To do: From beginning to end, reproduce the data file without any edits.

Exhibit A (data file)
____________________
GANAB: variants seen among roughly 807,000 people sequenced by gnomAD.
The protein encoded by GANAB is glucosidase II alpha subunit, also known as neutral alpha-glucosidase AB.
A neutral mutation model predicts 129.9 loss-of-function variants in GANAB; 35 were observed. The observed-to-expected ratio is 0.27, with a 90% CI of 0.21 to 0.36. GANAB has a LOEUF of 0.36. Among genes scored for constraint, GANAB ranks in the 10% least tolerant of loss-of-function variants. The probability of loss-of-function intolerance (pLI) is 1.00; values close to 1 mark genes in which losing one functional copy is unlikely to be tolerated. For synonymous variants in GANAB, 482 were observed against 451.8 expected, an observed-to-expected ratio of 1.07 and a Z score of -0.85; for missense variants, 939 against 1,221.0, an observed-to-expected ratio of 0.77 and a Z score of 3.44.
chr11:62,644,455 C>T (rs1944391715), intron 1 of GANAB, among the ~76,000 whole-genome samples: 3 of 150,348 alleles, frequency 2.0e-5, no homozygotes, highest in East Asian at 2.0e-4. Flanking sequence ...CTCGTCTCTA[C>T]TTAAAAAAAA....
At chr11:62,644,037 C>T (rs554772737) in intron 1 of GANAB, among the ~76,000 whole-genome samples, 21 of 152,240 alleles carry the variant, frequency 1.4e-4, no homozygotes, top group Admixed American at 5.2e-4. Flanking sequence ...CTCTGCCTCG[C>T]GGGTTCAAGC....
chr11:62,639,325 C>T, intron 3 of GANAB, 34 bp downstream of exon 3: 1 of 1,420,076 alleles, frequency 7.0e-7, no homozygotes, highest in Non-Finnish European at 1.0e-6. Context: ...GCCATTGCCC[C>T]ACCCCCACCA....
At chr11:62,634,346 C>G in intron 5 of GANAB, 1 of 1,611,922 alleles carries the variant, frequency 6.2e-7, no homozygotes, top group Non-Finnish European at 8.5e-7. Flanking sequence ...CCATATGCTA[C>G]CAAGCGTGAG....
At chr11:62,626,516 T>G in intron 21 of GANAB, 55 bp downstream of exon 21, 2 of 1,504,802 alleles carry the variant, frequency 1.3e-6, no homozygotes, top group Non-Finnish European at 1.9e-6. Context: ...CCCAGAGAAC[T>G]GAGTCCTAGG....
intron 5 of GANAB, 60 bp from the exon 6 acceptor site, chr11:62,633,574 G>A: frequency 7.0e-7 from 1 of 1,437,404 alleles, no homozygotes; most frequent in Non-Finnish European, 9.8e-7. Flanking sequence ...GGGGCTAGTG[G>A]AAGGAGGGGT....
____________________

GANAB: variants seen among roughly 807,000 people sequenced by gnomAD.
The protein encoded by GANAB is glucosidase II alpha subunit, also known as neutral alpha-glucosidase AB.
A neutral mutation model predicts 129.9 loss-of-function variants in GANAB; 35 were observed. The observed-to-expected ratio is 0.27, with a 90% CI of 0.21 to 0.36. GANAB has a LOEUF of 0.36. Among genes scored for constraint, GANAB ranks in the 10% least tolerant of loss-of-function variants. The probability of loss-of-function intolerance (pLI) is 1.00; values close to 1 mark genes in which losing one functional copy is unlikely to be tolerated. For synonymous variants in GANAB, 482 were observed against 451.8 expected, an observed-to-expected ratio of 1.07 and a Z score of -0.85; for missense variants, 939 against 1,221.0, an observed-to-expected ratio of 0.77 and a Z score of 3.44.
chr11:62,644,455 C>T (rs1944391715), intron 1 of GANAB, among the ~76,000 whole-genome samples: 3 of 150,348 alleles, frequency 2.0e-5, no homozygotes, highest in East Asian at 2.0e-4. Flanking sequence ...CTCGTCTCTA[C>T]TTAAAAAAAA....
At chr11:62,644,037 C>T (rs554772737) in intron 1 of GANAB, among the ~76,000 whole-genome samples, 21 of 152,240 alleles carry the variant, frequency 1.4e-4, no homozygotes, top group Admixed American at 5.2e-4. Flanking sequence ...CTCTGCCTCG[C>T]GGGTTCAAGC....
chr11:62,639,325 C>T, intron 3 of GANAB, 34 bp downstream of exon 3: 1 of 1,420,076 alleles, frequency 7.0e-7, no homozygotes, highest in Non-Finnish European at 1.0e-6. Context: ...GCCATTGCCC[C>T]ACCCCCACCA....
At chr11:62,634,346 C>G in intron 5 of GANAB, 1 of 1,611,922 alleles carries the variant, frequency 6.2e-7, no homozygotes, top group Non-Finnish European at 8.5e-7. Flanking sequence ...CCATATGCTA[C>G]CAAGCGTGAG....
At chr11:62,626,516 T>G in intron 21 of GANAB, 55 bp downstream of exon 21, 2 of 1,504,802 alleles carry the variant, frequency 1.3e-6, no homozygotes, top group Non-Finnish European at 1.9e-6. Context: ...CCCAGAGAAC[T>G]GAGTCCTAGG....
intron 5 of GANAB, 60 bp from the exon 6 acceptor site, chr11:62,633,574 G>A: frequency 7.0e-7 from 1 of 1,437,404 alleles, no homozygotes; most frequent in Non-Finnish European, 9.8e-7. Flanking sequence ...GGGGCTAGTG[G>A]AAGGAGGGGT....